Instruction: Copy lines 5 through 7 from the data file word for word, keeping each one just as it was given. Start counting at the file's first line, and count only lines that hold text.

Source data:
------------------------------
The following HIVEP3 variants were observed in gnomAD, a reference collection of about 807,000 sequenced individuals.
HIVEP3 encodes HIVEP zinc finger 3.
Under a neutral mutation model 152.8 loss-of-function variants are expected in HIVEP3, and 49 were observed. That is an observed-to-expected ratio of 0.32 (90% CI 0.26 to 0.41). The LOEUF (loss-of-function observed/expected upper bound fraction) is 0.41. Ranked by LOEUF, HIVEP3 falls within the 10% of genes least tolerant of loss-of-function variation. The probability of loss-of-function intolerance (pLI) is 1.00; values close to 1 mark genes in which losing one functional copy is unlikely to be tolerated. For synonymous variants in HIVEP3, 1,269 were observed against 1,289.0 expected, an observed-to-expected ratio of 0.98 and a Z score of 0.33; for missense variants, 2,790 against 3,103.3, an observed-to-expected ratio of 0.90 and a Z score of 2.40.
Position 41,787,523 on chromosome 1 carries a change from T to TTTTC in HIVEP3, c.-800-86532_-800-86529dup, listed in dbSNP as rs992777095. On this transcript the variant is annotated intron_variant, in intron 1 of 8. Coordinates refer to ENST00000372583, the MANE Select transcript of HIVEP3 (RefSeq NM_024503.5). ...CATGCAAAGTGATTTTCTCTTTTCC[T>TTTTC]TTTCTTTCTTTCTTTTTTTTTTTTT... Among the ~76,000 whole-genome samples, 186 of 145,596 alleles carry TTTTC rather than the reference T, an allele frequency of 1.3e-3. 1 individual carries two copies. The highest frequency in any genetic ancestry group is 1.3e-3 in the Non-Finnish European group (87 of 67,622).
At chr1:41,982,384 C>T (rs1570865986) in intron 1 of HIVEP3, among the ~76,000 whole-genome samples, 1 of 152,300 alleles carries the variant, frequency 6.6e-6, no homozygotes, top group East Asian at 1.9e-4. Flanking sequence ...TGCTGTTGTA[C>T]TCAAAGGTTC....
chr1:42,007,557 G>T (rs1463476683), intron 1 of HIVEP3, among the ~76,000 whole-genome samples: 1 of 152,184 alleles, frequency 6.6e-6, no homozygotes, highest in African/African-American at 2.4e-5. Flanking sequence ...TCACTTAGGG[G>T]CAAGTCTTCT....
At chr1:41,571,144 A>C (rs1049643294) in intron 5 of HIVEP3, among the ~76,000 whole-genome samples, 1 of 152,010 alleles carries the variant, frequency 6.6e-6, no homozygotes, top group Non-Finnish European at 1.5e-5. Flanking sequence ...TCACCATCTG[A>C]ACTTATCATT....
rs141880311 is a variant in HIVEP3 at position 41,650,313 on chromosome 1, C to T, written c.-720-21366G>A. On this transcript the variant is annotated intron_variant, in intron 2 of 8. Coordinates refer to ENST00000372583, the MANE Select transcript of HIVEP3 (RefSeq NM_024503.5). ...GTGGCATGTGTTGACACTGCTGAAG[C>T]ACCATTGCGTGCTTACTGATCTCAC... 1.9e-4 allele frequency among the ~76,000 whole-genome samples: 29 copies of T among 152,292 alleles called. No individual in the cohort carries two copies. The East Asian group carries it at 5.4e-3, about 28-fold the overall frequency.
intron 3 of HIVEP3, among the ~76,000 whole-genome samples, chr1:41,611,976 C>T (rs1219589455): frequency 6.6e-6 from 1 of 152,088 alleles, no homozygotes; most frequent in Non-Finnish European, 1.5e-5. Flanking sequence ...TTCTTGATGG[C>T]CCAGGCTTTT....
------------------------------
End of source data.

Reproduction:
At chr1:41,982,384 C>T (rs1570865986) in intron 1 of HIVEP3, among the ~76,000 whole-genome samples, 1 of 152,300 alleles carries the variant, frequency 6.6e-6, no homozygotes, top group East Asian at 1.9e-4. Flanking sequence ...TGCTGTTGTA[C>T]TCAAAGGTTC....
chr1:42,007,557 G>T (rs1463476683), intron 1 of HIVEP3, among the ~76,000 whole-genome samples: 1 of 152,184 alleles, frequency 6.6e-6, no homozygotes, highest in African/African-American at 2.4e-5. Flanking sequence ...TCACTTAGGG[G>T]CAAGTCTTCT....
At chr1:41,571,144 A>C (rs1049643294) in intron 5 of HIVEP3, among the ~76,000 whole-genome samples, 1 of 152,010 alleles carries the variant, frequency 6.6e-6, no homozygotes, top group Non-Finnish European at 1.5e-5. Flanking sequence ...TCACCATCTG[A>C]ACTTATCATT....